Lady Antebellum ‘owns night’

Lady Antebellum fans will not be disappointed after the release of their third album “Own the Night.” The six- time Grammy Award winning country trio Lady Antebellum released the album in September after their huge success with their self-titled debut album and “Need You Now.”
Their most recent album is the number one country album in Billboard’s chart nearly a month later after its release and the lead single “Just a Kiss” successfully captures the emotions of two people who find love and are scared to delve too deep.
The album begins with “We Own the Night.” The upbeat tune relates the blissful experience of a night that defined a summer. In a release on their website, the group said the Grammy Awards were a once-in-a-lifetime experience and knew they had to work twice as hard to keep their success. The synchrony of the song takes listeners through a wave of increasing delight followed by a recessive swing into soothing melodies.
Although I am not a country music fan, “Wanted You More” captivated me. The country tones are subtle, mixing the electrifying strokes of the electric guitar and the booming drums. The song opens with a guitar solo and builds momentum throughout for a harmonious piece. Hillary Scott pleasantly accompanies the background voices of Charles Kelley and Dave Haywood. Lady Antebellum sing: “I don’t need you anymore. I guess I wanted you more and looking back now I’m sure,
I wanted you more.” It is a complete counter claim to last year’s Grammy- winning single “New You Now.”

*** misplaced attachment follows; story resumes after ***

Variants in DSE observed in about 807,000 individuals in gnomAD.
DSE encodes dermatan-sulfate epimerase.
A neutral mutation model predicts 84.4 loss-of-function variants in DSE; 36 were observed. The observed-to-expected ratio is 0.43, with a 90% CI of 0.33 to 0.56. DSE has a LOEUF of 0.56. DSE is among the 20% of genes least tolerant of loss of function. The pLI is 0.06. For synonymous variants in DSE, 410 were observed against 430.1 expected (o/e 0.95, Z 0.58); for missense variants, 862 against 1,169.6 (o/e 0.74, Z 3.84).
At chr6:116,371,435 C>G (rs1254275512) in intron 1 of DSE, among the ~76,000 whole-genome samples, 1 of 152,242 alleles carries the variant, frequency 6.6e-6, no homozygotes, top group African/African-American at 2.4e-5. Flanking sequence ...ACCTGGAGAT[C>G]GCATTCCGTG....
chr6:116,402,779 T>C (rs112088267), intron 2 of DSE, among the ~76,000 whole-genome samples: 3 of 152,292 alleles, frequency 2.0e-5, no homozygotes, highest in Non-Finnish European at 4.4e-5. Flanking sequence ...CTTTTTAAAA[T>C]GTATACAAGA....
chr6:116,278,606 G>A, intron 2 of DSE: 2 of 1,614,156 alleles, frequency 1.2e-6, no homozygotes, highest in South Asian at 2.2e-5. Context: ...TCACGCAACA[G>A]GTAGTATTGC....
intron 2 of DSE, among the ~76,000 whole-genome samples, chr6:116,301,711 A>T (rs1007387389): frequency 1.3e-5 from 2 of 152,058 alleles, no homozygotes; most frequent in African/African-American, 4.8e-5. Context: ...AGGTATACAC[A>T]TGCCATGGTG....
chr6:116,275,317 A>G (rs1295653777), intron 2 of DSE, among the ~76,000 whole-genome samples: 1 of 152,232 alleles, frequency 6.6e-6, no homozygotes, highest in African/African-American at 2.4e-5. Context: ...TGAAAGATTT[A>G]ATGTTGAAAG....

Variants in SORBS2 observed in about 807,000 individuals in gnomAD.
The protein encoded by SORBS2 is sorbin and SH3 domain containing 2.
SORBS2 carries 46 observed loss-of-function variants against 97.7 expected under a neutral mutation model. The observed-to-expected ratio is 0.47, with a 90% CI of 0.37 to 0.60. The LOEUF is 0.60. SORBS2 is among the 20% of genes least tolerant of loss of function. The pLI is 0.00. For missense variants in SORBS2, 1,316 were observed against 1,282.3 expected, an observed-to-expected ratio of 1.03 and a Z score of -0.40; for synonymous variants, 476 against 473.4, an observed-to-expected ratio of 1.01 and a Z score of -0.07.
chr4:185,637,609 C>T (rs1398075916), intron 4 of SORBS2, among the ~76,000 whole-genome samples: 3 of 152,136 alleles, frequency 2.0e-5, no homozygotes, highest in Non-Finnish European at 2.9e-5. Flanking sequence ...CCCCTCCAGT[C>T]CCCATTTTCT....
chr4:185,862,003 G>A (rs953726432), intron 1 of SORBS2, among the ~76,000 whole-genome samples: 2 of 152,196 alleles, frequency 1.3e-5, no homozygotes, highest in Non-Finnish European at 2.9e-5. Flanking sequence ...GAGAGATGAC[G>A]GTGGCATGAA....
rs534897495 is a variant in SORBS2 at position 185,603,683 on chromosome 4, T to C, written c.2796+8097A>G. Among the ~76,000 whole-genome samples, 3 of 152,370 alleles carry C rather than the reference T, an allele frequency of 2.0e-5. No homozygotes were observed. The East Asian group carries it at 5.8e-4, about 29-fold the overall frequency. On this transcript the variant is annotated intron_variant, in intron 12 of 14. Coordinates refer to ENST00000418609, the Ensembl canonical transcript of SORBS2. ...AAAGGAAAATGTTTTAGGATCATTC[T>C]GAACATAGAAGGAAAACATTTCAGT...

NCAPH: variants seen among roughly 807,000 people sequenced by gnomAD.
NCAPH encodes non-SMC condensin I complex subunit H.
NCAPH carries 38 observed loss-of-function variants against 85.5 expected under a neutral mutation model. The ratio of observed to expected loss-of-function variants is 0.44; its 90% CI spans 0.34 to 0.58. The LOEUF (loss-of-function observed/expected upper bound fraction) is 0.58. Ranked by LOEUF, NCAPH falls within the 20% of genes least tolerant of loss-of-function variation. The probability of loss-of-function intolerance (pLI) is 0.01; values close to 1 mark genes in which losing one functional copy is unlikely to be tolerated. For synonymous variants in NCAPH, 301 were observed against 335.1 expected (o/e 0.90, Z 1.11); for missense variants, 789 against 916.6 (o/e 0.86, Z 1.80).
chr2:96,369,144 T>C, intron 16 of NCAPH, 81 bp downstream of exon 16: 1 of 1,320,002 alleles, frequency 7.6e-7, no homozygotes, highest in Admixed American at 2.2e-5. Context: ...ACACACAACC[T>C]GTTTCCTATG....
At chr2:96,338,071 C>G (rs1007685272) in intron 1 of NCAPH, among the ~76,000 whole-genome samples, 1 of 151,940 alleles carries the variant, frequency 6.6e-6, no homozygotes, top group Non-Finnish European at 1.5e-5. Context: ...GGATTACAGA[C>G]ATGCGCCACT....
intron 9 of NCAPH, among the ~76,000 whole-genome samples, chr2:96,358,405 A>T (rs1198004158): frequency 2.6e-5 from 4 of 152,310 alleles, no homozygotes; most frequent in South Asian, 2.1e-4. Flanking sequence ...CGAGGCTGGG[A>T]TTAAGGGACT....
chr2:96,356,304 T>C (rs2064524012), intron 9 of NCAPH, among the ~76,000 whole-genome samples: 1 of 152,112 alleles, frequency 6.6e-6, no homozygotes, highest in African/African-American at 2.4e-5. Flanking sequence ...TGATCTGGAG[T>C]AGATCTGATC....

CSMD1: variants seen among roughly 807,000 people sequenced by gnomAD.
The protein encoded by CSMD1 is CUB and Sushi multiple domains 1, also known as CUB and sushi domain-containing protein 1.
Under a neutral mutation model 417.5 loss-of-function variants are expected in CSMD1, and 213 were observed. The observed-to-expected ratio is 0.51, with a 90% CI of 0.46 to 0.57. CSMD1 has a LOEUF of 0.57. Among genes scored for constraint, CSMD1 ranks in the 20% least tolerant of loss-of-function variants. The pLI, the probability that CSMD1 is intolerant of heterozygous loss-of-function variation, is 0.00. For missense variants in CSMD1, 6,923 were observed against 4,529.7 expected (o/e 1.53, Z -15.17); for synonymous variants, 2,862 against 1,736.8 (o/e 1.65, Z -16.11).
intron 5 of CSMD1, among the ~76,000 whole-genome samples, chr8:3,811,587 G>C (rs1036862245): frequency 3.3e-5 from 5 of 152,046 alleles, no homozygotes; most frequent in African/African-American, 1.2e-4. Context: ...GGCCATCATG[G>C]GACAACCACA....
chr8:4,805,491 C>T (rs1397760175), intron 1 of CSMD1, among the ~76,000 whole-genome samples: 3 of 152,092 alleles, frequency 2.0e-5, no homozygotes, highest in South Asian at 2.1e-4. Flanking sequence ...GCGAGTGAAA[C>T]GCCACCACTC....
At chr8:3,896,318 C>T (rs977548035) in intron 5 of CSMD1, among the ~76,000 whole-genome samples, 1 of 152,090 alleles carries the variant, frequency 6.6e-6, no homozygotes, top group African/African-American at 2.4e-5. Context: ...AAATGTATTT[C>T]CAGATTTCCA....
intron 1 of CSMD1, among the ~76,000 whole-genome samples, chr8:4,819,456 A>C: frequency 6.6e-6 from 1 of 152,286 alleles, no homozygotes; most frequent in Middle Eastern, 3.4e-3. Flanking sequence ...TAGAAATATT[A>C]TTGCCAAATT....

Lady Antebellum distinguish themselves from other popular country artists by their close-to-home lyrics that many can relate to, young and old. Although most of the album songs deal with a breakup or some type of betrayal, “Heart of the World” lyrics offer hope that a couple will remain together. The song is a slow and mellow ballad alluding to the married life.
Scott sings: “I leave him sleepin’ as I rise early. Always up before the dawn. The house is dark, but I see clearly. Kettle sings a morning song. The bacon’s frying, babies crying. I soak up the sights and sounds. Minutes turn to days and I wish that I could slow it down.”
The diversity that Lady Antebellum brings with this song is a nice breather from the usual love-hungry or love- struck portrayal of youth. The song rejoices in the everyday duties of marriage.
On “Friday Night,” Dave Haywood plays the mandolin to add an idiosyncratic pitch well recognize above the other musical instruments. The voices seem to run in together throughout the verses, but Lady Antebellum succeeds in strengthening the chorus.
The group’s new album isn’t far from its previous albums. The melodies resemble one another but Lady Antebellum demonstrates it can catch the attention of fans from other genres while appealing to their followers with fresh, poetic hits.

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